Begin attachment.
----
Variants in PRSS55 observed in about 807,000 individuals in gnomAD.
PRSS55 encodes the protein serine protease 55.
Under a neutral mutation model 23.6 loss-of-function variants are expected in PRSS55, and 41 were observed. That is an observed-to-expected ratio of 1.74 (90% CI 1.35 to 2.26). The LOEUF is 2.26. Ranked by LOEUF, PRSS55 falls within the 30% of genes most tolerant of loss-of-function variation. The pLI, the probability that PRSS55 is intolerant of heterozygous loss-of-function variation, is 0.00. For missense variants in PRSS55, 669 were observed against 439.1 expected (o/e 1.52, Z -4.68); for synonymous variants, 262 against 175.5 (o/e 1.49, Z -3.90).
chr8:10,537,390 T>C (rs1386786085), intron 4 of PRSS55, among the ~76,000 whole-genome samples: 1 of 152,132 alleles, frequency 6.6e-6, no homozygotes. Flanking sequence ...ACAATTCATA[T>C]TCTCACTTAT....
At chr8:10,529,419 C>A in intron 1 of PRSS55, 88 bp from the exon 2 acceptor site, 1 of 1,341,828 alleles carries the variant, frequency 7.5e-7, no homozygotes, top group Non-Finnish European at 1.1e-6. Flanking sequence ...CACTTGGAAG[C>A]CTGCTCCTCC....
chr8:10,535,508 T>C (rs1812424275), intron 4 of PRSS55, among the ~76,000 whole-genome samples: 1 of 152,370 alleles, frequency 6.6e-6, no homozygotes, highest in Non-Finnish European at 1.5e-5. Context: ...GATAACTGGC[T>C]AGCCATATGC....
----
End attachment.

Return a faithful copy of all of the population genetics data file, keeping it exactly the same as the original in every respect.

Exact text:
Variants in PRSS55 observed in about 807,000 individuals in gnomAD.
PRSS55 encodes the protein serine protease 55.
Under a neutral mutation model 23.6 loss-of-function variants are expected in PRSS55, and 41 were observed. That is an observed-to-expected ratio of 1.74 (90% CI 1.35 to 2.26). The LOEUF is 2.26. Ranked by LOEUF, PRSS55 falls within the 30% of genes most tolerant of loss-of-function variation. The pLI, the probability that PRSS55 is intolerant of heterozygous loss-of-function variation, is 0.00. For missense variants in PRSS55, 669 were observed against 439.1 expected (o/e 1.52, Z -4.68); for synonymous variants, 262 against 175.5 (o/e 1.49, Z -3.90).
chr8:10,537,390 T>C (rs1386786085), intron 4 of PRSS55, among the ~76,000 whole-genome samples: 1 of 152,132 alleles, frequency 6.6e-6, no homozygotes. Flanking sequence ...ACAATTCATA[T>C]TCTCACTTAT....
At chr8:10,529,419 C>A in intron 1 of PRSS55, 88 bp from the exon 2 acceptor site, 1 of 1,341,828 alleles carries the variant, frequency 7.5e-7, no homozygotes, top group Non-Finnish European at 1.1e-6. Flanking sequence ...CACTTGGAAG[C>A]CTGCTCCTCC....
chr8:10,535,508 T>C (rs1812424275), intron 4 of PRSS55, among the ~76,000 whole-genome samples: 1 of 152,370 alleles, frequency 6.6e-6, no homozygotes, highest in Non-Finnish European at 1.5e-5. Context: ...GATAACTGGC[T>C]AGCCATATGC....